Let’s quickly examine the factors that determine a typical purchase decision for retail software. First, the application must meet the complete laundry list of features to drive business (functional and technical fit) and it must provide the user experience that employees demand (performance fit). Then, it must be stable, secure and backed by reliable support. Finally, the price tag should fit an organization’s budget and value expectations. This used to be the simple and sensible way to look at software purchase decisions when long-term stability was the desired goal. Now the world has changed.
Today, the retail business environment is fluid. Nothing that is certain today is guaranteed to remain certain tomorrow. This has brought about a dramatic change in the way retail software must be evaluated. The most important criteria for a software purchase decision must now be the inherent agility of the application itself. That may be overstating it but you get the point: Agile retail software is as important as features, usability, stability, security and support.
Is your retail application easy to integrate? Is it modular and containerized so it can be run on any infrastructure—bare metal, VMs, cloud—without having to refactor it? Can be developed, delivered, deployed and even rolled back with ease? Can it be experimented upon and allow businesses to fail fast and recover faster? Is it fault tolerant so that it allows its components to fail without bringing down the entire process? In other words, there must be an agile transformation in retail application and allow for all this and more, as and when required in the future.
Software agility has become a tremendously important criteria for retailers. It should now be the logical deciding factor between a “Buy” or a “Don’t buy” decision.
The importance of agile in retail industry cannot be emphasized enough. Amazon, for example, deploys new code every 11.7 seconds for its app. This is done to achieve a variety of outcomes, from reducing the frequency and duration of outages to helping add new capabilities and fulfillment channels; from adjusting for regional needs to reducing compute requirements.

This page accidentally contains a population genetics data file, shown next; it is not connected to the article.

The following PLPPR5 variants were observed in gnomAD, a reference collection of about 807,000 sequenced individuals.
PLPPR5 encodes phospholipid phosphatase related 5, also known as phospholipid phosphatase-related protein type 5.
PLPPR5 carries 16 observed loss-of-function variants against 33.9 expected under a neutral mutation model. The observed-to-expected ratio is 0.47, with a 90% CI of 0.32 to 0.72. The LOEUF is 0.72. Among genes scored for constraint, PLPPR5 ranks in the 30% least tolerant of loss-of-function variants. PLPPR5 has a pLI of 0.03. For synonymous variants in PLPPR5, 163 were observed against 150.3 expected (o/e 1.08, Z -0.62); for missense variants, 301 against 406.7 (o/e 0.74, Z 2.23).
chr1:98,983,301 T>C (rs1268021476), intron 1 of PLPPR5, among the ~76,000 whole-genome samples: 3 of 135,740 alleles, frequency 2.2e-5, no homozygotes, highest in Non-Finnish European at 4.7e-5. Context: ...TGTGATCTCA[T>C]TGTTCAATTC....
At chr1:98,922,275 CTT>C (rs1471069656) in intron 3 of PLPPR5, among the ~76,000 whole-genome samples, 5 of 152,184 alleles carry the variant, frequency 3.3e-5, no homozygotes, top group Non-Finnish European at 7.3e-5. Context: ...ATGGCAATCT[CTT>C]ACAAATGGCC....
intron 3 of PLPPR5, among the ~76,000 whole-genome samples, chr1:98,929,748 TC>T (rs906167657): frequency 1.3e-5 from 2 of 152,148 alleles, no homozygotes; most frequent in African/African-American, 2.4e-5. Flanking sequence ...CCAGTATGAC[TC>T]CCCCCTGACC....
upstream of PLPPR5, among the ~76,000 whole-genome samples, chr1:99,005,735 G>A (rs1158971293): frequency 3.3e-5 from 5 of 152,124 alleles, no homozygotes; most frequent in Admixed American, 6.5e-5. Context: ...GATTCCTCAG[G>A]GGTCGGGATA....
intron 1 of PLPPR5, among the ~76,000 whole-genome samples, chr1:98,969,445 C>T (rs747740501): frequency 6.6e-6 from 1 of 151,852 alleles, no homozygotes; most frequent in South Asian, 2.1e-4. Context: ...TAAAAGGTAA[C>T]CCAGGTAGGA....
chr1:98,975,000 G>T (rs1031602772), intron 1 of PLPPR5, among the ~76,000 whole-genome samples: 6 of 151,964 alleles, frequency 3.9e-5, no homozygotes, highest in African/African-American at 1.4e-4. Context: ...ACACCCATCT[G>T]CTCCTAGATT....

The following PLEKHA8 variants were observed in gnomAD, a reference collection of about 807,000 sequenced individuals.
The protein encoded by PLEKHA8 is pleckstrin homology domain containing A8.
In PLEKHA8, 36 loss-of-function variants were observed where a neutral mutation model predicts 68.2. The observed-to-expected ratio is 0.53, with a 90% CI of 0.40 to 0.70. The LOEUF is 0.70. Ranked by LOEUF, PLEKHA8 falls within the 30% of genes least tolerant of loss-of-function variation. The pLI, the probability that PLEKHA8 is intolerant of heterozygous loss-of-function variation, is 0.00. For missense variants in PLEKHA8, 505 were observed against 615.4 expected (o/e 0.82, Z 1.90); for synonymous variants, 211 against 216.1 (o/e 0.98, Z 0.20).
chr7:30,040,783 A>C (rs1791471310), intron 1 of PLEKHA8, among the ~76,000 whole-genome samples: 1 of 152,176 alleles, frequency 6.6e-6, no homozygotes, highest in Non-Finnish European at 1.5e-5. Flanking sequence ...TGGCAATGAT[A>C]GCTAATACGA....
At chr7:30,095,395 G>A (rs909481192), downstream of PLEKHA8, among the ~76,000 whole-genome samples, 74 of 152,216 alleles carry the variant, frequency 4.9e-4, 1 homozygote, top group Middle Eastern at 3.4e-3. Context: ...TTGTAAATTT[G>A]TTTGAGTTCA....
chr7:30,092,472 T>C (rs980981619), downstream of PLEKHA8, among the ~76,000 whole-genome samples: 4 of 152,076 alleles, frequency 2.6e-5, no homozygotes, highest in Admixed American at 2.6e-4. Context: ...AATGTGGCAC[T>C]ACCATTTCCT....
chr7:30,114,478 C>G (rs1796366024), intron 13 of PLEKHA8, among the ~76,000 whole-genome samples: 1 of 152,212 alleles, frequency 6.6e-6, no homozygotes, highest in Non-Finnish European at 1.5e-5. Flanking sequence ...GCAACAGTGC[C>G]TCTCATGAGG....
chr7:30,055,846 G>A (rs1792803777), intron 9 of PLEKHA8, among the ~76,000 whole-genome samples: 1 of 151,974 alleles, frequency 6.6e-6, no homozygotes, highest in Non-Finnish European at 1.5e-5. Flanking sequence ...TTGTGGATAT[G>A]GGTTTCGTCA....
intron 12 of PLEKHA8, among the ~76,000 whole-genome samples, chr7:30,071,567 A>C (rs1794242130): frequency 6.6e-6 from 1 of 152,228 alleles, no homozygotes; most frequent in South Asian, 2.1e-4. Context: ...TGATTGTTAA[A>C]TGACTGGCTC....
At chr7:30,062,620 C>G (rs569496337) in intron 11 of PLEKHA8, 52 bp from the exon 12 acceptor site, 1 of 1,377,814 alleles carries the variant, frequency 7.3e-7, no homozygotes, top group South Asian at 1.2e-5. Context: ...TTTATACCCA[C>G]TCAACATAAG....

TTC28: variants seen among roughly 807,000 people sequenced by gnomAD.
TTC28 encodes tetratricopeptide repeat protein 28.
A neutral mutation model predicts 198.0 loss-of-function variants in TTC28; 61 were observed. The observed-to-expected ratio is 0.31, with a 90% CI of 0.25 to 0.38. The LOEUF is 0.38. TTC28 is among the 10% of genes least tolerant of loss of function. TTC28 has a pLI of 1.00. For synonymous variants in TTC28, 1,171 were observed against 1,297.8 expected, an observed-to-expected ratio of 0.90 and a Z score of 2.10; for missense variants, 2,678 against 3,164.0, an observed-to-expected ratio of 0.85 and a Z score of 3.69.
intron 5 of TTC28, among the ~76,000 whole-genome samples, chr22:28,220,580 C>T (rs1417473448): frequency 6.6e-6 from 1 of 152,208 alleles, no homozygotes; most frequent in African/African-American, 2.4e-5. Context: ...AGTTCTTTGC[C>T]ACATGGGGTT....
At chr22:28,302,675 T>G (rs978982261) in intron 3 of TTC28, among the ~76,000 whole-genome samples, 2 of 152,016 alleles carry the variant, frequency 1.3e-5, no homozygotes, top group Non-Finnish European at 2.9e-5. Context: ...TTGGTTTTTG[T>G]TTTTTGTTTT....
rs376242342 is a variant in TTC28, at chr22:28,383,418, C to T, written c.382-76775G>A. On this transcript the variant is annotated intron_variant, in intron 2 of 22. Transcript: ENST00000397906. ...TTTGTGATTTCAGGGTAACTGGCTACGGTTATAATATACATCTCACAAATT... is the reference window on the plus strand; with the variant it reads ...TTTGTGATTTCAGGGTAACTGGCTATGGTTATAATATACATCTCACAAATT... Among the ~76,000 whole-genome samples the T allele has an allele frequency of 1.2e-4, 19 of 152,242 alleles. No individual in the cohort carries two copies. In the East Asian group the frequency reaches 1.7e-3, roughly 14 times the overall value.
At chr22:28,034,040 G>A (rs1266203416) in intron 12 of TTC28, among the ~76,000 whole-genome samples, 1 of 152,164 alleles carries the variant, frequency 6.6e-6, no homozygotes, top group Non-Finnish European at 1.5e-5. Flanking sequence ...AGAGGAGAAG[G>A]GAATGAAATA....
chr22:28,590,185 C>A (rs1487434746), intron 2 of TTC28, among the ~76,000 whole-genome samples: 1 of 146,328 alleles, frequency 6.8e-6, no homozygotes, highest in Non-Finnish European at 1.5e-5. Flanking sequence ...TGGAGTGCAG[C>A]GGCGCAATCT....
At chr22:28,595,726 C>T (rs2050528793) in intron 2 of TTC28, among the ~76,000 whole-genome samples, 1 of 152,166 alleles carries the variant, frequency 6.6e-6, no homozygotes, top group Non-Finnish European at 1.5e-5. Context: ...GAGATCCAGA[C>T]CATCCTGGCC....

A good place to start with agile retail applications is to examine how quickly they can be re-engineered. Can they extend functionality required by differing markets and regulatory regimes? Can they manage unstable workloads, adapt to new networks, integrate with and leverage varied data sources? Can they continue to deliver a constantly improving user experience?
Agile in retail industry is new. It can be difficult to adopt. There are organizational barriers and traditional processes to overcome. But retailers who take the leap into the test-and-learn world of agile will not be disappointed. They will build deeper customer engagement and discover a new way to remain competitive.
There are some outstanding examples of agile applications in our midst. Among them we cannot afford to miss the agile nature of web browsers. Hats off to the developers of Chrome, Safari, Edge, Firefox and Samsung Internet. These continue to add new functionality, adapt to new plug ins, adjust for changing user behavior and diverse display devices. All of us appreciate the agility of web browsers. Think of them as the role model for agile retail applications.
In summary, applications you invest in must have a quality that is central to a modern enterprise—they must be agile. Agile applications refuse to die. They allow themselves to be constantly re-formed. They are built to evolve.